Aroma: Complex combination of fruity esters and rich malt character. Medium to medium-high esters commonly reminiscent of raisins, plums, figs, dates, black cherries or prunes. Medium low to medium high malt character of caramel, toffee, orange, treacle or chocolate. Spicy phenols can be present in low amounts for complexity. A sherry-like character may be present and generally denotes an aged example. A low sour aroma may be present, and can modestly increase with age but should not grow to a noticeable acetic/vinegary character. Hop aroma absent. Diacetyl is perceived only in very minor quantities, if at all, as a complementary aroma.
Appearance: Dark reddish-brown to brown in color. Good clarity. Average to good head retention. Ivory to light tan head color.
Flavor: Malty with fruity complexity and typically some caramel character. Medium to medium-high fruitiness commonly includes dark or dried fruit such as raisins, plums, figs, dates, black cherries or prunes. Medium low to medium high malt character of caramel, toffee, orange, treacle or chocolate. Spicy phenols can be present in low amounts for complexity. A slight sourness often becomes more pronounced in well-aged examples, along with some sherry-like character, producing a “sweet-and-sour” profile. The sourness should not grow to a notable acetic/vinegary character. Hop flavor absent. Restrained hop bitterness. Low oxidation is appropriate as a point of complexity. Diacetyl is perceived only in very minor quantities, if at all, as a complementary flavor. Balance is malty, but with fruitiness and sourness present. Sweet and tart finish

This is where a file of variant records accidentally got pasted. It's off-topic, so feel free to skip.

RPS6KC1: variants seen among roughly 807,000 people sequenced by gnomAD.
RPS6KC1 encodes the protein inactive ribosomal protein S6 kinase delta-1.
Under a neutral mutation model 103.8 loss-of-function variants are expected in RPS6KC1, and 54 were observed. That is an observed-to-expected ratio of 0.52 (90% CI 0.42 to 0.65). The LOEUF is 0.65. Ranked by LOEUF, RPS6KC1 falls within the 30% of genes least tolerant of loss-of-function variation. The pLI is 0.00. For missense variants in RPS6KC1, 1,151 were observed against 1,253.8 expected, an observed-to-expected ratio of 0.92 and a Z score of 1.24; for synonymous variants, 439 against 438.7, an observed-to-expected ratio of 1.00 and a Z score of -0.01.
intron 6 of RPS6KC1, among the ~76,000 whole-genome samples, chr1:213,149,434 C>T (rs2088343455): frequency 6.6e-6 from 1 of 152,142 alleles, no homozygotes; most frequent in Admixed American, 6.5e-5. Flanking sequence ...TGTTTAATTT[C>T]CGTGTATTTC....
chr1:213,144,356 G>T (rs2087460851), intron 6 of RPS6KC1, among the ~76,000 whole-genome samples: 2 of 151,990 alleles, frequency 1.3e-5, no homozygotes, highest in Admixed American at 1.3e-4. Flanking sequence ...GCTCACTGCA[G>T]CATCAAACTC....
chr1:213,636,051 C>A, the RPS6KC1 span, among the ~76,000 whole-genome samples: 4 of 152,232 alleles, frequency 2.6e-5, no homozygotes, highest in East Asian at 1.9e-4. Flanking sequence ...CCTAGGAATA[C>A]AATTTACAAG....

Mouthfeel: Medium to medium-full body. Low to moderate carbonation. No astringency.
Impression: A malty, fruity, aged, somewhat sour Belgian-style brown ale.
Comments: Long aging and blending of young and aged beer may occur, adding smoothness and complexity and balancing any harsh, sour character. This style was designed to lay down so examples with a moderate aged character are considered superior to younger examples. As in fruit lambics, Oud Bruin can be used as a base for fruit-flavored beers such as kriek (cherries) or frambozen (raspberries), though these should be entered in the Classic-Style Fruit Beer category.
Ingredients: A base of Pils malt with judicious amounts of dark cara malts and a tiny bit of black or roast malt. Often includes maize. Low alpha acid continental hops are typical (avoid high alpha or distinctive American hops). Saccharomyces and Lactobacillus (and acetobacter) contribute to the fermentation and eventual flavor. Lactobacillus reacts poorly to elevated levels of alcohol. Water high in carbonates is typical of its home region and will buffer the acidity of darker malts and the lactic sourness. Magnesium in the water accentuates the sourness.
Commercial Examples: Ichtegem Oud Bruin, Liefmans Goudenband, Liefmans Liefmans Oud Bruin, Petrus Oud Bruin, Riva Vondel, Vanderghinste Bellegems Bruin